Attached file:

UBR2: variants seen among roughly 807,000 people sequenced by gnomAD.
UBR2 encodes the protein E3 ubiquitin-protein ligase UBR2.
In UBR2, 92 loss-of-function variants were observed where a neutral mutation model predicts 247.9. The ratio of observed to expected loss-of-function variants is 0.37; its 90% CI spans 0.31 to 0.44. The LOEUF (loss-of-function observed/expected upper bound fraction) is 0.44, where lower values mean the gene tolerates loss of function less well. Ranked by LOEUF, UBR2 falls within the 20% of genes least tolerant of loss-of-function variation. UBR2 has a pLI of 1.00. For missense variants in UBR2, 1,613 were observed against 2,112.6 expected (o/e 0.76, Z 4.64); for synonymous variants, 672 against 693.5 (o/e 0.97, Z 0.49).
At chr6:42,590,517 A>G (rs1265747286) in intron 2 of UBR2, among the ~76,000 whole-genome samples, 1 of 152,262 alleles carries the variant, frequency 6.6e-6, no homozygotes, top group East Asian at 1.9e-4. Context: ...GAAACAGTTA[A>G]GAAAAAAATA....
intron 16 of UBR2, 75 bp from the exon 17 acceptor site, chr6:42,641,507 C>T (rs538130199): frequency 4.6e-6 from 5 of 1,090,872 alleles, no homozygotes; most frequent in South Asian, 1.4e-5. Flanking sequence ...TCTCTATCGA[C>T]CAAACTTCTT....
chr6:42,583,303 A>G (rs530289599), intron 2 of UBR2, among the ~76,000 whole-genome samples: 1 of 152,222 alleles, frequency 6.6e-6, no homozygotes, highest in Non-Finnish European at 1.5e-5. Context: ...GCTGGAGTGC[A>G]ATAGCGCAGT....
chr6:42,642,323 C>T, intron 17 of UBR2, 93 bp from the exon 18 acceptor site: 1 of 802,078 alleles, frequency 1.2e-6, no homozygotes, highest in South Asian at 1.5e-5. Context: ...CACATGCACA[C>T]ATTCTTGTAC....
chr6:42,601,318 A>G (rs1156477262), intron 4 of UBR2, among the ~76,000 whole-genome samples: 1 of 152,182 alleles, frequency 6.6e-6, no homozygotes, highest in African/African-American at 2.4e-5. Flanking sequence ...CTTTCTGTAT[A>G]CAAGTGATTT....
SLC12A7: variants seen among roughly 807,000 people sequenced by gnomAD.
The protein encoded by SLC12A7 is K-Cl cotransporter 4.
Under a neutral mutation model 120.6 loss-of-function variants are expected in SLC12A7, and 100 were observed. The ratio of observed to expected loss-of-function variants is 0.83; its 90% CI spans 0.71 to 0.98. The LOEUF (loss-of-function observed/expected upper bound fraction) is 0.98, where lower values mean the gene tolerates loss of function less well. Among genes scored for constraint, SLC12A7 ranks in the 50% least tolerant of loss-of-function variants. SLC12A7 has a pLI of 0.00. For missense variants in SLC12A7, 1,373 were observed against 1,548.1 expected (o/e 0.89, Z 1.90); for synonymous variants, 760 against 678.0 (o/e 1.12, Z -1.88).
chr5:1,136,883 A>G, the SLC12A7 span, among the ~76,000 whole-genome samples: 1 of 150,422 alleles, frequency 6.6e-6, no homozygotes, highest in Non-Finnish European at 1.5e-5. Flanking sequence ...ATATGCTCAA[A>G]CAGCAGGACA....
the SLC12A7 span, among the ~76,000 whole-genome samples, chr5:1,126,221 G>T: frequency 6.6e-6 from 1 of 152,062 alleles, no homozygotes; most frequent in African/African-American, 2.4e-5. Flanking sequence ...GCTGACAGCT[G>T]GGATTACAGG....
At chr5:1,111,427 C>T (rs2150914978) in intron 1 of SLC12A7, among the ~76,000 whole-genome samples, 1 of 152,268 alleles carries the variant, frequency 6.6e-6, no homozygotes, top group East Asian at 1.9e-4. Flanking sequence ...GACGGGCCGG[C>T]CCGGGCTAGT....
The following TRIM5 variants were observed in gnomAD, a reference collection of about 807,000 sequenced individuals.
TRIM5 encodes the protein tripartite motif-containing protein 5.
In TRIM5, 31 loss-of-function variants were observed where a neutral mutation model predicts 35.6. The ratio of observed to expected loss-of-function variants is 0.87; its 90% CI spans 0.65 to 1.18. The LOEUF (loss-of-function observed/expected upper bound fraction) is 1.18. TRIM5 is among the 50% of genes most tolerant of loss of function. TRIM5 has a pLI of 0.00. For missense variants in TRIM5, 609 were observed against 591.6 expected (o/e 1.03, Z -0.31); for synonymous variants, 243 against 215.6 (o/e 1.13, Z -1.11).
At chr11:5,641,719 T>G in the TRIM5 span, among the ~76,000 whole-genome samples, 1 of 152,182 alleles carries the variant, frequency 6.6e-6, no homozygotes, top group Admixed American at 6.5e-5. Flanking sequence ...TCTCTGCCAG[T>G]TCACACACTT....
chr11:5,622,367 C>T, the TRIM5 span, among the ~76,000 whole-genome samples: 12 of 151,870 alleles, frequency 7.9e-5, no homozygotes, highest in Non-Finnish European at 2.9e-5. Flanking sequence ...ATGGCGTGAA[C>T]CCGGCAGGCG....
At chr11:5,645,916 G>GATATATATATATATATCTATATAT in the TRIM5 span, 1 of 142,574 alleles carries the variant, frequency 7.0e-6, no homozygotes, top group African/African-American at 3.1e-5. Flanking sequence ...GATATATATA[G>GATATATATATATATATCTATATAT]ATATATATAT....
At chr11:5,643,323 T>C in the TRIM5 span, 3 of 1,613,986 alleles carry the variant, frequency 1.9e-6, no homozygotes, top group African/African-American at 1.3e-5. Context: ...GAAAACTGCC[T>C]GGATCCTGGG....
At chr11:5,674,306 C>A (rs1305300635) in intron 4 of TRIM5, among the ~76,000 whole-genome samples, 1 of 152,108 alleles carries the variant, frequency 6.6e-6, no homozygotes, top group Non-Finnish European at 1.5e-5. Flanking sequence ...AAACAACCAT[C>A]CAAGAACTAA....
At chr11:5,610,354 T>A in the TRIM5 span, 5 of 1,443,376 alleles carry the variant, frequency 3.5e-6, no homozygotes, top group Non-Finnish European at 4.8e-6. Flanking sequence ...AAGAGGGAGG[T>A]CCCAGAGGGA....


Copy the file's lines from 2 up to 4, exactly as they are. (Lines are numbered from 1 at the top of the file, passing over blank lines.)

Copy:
UBR2 encodes the protein E3 ubiquitin-protein ligase UBR2.
In UBR2, 92 loss-of-function variants were observed where a neutral mutation model predicts 247.9. The ratio of observed to expected loss-of-function variants is 0.37; its 90% CI spans 0.31 to 0.44. The LOEUF (loss-of-function observed/expected upper bound fraction) is 0.44, where lower values mean the gene tolerates loss of function less well. Ranked by LOEUF, UBR2 falls within the 20% of genes least tolerant of loss-of-function variation. UBR2 has a pLI of 1.00. For missense variants in UBR2, 1,613 were observed against 2,112.6 expected (o/e 0.76, Z 4.64); for synonymous variants, 672 against 693.5 (o/e 0.97, Z 0.49).
At chr6:42,590,517 A>G (rs1265747286) in intron 2 of UBR2, among the ~76,000 whole-genome samples, 1 of 152,262 alleles carries the variant, frequency 6.6e-6, no homozygotes, top group East Asian at 1.9e-4. Context: ...GAAACAGTTA[A>G]GAAAAAAATA....